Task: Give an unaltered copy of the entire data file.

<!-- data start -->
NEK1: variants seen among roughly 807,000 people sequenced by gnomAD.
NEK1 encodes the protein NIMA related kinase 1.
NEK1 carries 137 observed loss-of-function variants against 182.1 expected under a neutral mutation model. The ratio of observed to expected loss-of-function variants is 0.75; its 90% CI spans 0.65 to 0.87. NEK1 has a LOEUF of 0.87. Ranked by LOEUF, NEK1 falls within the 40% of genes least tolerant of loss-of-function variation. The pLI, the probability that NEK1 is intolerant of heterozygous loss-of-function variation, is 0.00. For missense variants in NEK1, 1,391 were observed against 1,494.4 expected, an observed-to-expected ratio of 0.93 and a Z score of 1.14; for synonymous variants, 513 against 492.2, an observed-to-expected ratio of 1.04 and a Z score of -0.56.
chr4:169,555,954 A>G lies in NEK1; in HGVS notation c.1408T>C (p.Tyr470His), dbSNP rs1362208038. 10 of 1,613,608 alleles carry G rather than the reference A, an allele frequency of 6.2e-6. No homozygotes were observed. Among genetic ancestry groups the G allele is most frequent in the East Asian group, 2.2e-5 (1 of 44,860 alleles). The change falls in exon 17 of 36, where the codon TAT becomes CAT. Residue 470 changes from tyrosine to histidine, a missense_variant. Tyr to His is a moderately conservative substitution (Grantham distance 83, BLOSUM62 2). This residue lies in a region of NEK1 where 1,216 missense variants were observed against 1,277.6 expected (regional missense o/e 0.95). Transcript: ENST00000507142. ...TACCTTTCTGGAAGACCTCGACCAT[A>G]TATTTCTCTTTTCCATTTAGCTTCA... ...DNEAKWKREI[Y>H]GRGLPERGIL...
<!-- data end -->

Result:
NEK1: variants seen among roughly 807,000 people sequenced by gnomAD.
NEK1 encodes the protein NIMA related kinase 1.
NEK1 carries 137 observed loss-of-function variants against 182.1 expected under a neutral mutation model. The ratio of observed to expected loss-of-function variants is 0.75; its 90% CI spans 0.65 to 0.87. NEK1 has a LOEUF of 0.87. Ranked by LOEUF, NEK1 falls within the 40% of genes least tolerant of loss-of-function variation. The pLI, the probability that NEK1 is intolerant of heterozygous loss-of-function variation, is 0.00. For missense variants in NEK1, 1,391 were observed against 1,494.4 expected, an observed-to-expected ratio of 0.93 and a Z score of 1.14; for synonymous variants, 513 against 492.2, an observed-to-expected ratio of 1.04 and a Z score of -0.56.
chr4:169,555,954 A>G lies in NEK1; in HGVS notation c.1408T>C (p.Tyr470His), dbSNP rs1362208038. 10 of 1,613,608 alleles carry G rather than the reference A, an allele frequency of 6.2e-6. No homozygotes were observed. Among genetic ancestry groups the G allele is most frequent in the East Asian group, 2.2e-5 (1 of 44,860 alleles). The change falls in exon 17 of 36, where the codon TAT becomes CAT. Residue 470 changes from tyrosine to histidine, a missense_variant. Tyr to His is a moderately conservative substitution (Grantham distance 83, BLOSUM62 2). This residue lies in a region of NEK1 where 1,216 missense variants were observed against 1,277.6 expected (regional missense o/e 0.95). Transcript: ENST00000507142. ...TACCTTTCTGGAAGACCTCGACCAT[A>G]TATTTCTCTTTTCCATTTAGCTTCA... ...DNEAKWKREI[Y>H]GRGLPERGIL...